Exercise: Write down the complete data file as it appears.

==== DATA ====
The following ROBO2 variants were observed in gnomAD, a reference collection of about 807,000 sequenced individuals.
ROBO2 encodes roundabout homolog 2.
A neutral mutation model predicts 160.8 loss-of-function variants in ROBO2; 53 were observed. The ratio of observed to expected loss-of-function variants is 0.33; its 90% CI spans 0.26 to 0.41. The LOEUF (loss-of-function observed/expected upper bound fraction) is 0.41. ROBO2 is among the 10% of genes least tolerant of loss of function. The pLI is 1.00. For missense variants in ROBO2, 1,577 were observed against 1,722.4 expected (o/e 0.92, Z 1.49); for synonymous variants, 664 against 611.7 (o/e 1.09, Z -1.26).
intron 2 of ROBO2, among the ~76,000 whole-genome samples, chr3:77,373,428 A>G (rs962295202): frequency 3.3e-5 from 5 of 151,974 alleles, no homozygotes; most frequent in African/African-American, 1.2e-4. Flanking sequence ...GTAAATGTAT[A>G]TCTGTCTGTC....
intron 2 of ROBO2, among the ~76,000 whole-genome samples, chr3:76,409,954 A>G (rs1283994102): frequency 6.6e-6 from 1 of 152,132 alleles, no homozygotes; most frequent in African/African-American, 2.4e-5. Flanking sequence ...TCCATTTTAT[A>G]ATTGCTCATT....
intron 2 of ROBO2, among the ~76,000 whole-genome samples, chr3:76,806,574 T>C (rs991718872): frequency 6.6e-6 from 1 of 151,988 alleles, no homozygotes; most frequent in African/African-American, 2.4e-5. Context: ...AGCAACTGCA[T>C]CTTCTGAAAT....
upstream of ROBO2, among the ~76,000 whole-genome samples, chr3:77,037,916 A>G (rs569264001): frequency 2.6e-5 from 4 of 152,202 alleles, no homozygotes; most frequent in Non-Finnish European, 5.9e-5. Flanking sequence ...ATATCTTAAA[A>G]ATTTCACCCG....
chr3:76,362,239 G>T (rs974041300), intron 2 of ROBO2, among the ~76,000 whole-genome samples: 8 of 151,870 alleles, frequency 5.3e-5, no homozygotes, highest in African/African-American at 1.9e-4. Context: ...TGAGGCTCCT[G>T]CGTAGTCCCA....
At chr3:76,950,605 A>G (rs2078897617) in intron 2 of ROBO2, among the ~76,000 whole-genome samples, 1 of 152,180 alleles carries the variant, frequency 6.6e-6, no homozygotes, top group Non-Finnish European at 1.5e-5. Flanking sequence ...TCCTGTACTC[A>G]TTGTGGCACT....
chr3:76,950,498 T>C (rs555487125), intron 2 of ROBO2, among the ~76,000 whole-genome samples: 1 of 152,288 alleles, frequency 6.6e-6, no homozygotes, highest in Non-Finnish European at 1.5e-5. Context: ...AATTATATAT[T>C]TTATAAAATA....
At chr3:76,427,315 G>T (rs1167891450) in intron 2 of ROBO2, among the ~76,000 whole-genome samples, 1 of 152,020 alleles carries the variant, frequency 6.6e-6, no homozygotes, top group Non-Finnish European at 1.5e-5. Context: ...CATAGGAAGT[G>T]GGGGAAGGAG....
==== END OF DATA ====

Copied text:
The following ROBO2 variants were observed in gnomAD, a reference collection of about 807,000 sequenced individuals.
ROBO2 encodes roundabout homolog 2.
A neutral mutation model predicts 160.8 loss-of-function variants in ROBO2; 53 were observed. The ratio of observed to expected loss-of-function variants is 0.33; its 90% CI spans 0.26 to 0.41. The LOEUF (loss-of-function observed/expected upper bound fraction) is 0.41. ROBO2 is among the 10% of genes least tolerant of loss of function. The pLI is 1.00. For missense variants in ROBO2, 1,577 were observed against 1,722.4 expected (o/e 0.92, Z 1.49); for synonymous variants, 664 against 611.7 (o/e 1.09, Z -1.26).
intron 2 of ROBO2, among the ~76,000 whole-genome samples, chr3:77,373,428 A>G (rs962295202): frequency 3.3e-5 from 5 of 151,974 alleles, no homozygotes; most frequent in African/African-American, 1.2e-4. Flanking sequence ...GTAAATGTAT[A>G]TCTGTCTGTC....
intron 2 of ROBO2, among the ~76,000 whole-genome samples, chr3:76,409,954 A>G (rs1283994102): frequency 6.6e-6 from 1 of 152,132 alleles, no homozygotes; most frequent in African/African-American, 2.4e-5. Flanking sequence ...TCCATTTTAT[A>G]ATTGCTCATT....
intron 2 of ROBO2, among the ~76,000 whole-genome samples, chr3:76,806,574 T>C (rs991718872): frequency 6.6e-6 from 1 of 151,988 alleles, no homozygotes; most frequent in African/African-American, 2.4e-5. Context: ...AGCAACTGCA[T>C]CTTCTGAAAT....
upstream of ROBO2, among the ~76,000 whole-genome samples, chr3:77,037,916 A>G (rs569264001): frequency 2.6e-5 from 4 of 152,202 alleles, no homozygotes; most frequent in Non-Finnish European, 5.9e-5. Flanking sequence ...ATATCTTAAA[A>G]ATTTCACCCG....
chr3:76,362,239 G>T (rs974041300), intron 2 of ROBO2, among the ~76,000 whole-genome samples: 8 of 151,870 alleles, frequency 5.3e-5, no homozygotes, highest in African/African-American at 1.9e-4. Context: ...TGAGGCTCCT[G>T]CGTAGTCCCA....
At chr3:76,950,605 A>G (rs2078897617) in intron 2 of ROBO2, among the ~76,000 whole-genome samples, 1 of 152,180 alleles carries the variant, frequency 6.6e-6, no homozygotes, top group Non-Finnish European at 1.5e-5. Flanking sequence ...TCCTGTACTC[A>G]TTGTGGCACT....
chr3:76,950,498 T>C (rs555487125), intron 2 of ROBO2, among the ~76,000 whole-genome samples: 1 of 152,288 alleles, frequency 6.6e-6, no homozygotes, highest in Non-Finnish European at 1.5e-5. Context: ...AATTATATAT[T>C]TTATAAAATA....
At chr3:76,427,315 G>T (rs1167891450) in intron 2 of ROBO2, among the ~76,000 whole-genome samples, 1 of 152,020 alleles carries the variant, frequency 6.6e-6, no homozygotes, top group Non-Finnish European at 1.5e-5. Context: ...CATAGGAAGT[G>T]GGGGAAGGAG....